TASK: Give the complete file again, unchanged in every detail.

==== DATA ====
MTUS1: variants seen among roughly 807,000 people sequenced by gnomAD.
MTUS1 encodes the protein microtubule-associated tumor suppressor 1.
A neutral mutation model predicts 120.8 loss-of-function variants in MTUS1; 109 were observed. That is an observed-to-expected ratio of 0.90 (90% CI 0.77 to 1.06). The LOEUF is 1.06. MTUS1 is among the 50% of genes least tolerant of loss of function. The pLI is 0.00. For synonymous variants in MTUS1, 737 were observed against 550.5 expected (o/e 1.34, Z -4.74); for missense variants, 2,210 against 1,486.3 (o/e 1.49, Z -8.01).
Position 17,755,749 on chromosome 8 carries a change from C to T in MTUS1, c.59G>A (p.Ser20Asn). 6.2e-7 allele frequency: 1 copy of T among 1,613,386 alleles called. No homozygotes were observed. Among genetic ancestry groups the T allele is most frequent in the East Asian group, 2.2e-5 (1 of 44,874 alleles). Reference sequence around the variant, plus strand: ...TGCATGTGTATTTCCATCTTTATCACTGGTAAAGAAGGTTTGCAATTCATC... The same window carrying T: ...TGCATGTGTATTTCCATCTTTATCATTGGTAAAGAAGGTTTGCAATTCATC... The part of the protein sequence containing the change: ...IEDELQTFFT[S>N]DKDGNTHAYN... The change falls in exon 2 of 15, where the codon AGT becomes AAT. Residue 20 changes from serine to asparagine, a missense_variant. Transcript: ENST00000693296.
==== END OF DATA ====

MTUS1: variants seen among roughly 807,000 people sequenced by gnomAD.
MTUS1 encodes the protein microtubule-associated tumor suppressor 1.
A neutral mutation model predicts 120.8 loss-of-function variants in MTUS1; 109 were observed. That is an observed-to-expected ratio of 0.90 (90% CI 0.77 to 1.06). The LOEUF is 1.06. MTUS1 is among the 50% of genes least tolerant of loss of function. The pLI is 0.00. For synonymous variants in MTUS1, 737 were observed against 550.5 expected (o/e 1.34, Z -4.74); for missense variants, 2,210 against 1,486.3 (o/e 1.49, Z -8.01).
Position 17,755,749 on chromosome 8 carries a change from C to T in MTUS1, c.59G>A (p.Ser20Asn). 6.2e-7 allele frequency: 1 copy of T among 1,613,386 alleles called. No homozygotes were observed. Among genetic ancestry groups the T allele is most frequent in the East Asian group, 2.2e-5 (1 of 44,874 alleles). Reference sequence around the variant, plus strand: ...TGCATGTGTATTTCCATCTTTATCACTGGTAAAGAAGGTTTGCAATTCATC... The same window carrying T: ...TGCATGTGTATTTCCATCTTTATCATTGGTAAAGAAGGTTTGCAATTCATC... The part of the protein sequence containing the change: ...IEDELQTFFT[S>N]DKDGNTHAYN... The change falls in exon 2 of 15, where the codon AGT becomes AAT. Residue 20 changes from serine to asparagine, a missense_variant. Transcript: ENST00000693296.